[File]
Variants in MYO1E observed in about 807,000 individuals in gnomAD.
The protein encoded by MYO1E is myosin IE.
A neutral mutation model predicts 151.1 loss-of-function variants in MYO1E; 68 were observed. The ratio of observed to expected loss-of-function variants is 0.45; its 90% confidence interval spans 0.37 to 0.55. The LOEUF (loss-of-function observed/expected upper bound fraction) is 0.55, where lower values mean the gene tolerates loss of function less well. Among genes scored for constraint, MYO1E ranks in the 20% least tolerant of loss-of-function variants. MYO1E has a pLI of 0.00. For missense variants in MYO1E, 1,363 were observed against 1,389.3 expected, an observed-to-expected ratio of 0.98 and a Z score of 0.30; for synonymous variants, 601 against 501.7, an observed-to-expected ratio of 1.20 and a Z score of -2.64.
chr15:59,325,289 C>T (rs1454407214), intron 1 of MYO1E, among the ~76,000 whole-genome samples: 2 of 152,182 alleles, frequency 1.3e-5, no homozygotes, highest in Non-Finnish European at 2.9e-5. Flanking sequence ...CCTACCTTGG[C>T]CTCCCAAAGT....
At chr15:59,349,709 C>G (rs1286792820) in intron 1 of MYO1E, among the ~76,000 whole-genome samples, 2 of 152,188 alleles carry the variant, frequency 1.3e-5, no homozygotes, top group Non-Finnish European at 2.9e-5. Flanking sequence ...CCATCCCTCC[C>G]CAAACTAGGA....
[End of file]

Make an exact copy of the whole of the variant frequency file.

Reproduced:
Variants in MYO1E observed in about 807,000 individuals in gnomAD.
The protein encoded by MYO1E is myosin IE.
A neutral mutation model predicts 151.1 loss-of-function variants in MYO1E; 68 were observed. The ratio of observed to expected loss-of-function variants is 0.45; its 90% confidence interval spans 0.37 to 0.55. The LOEUF (loss-of-function observed/expected upper bound fraction) is 0.55, where lower values mean the gene tolerates loss of function less well. Among genes scored for constraint, MYO1E ranks in the 20% least tolerant of loss-of-function variants. MYO1E has a pLI of 0.00. For missense variants in MYO1E, 1,363 were observed against 1,389.3 expected, an observed-to-expected ratio of 0.98 and a Z score of 0.30; for synonymous variants, 601 against 501.7, an observed-to-expected ratio of 1.20 and a Z score of -2.64.
chr15:59,325,289 C>T (rs1454407214), intron 1 of MYO1E, among the ~76,000 whole-genome samples: 2 of 152,182 alleles, frequency 1.3e-5, no homozygotes, highest in Non-Finnish European at 2.9e-5. Flanking sequence ...CCTACCTTGG[C>T]CTCCCAAAGT....
At chr15:59,349,709 C>G (rs1286792820) in intron 1 of MYO1E, among the ~76,000 whole-genome samples, 2 of 152,188 alleles carry the variant, frequency 1.3e-5, no homozygotes, top group Non-Finnish European at 2.9e-5. Flanking sequence ...CCATCCCTCC[C>G]CAAACTAGGA....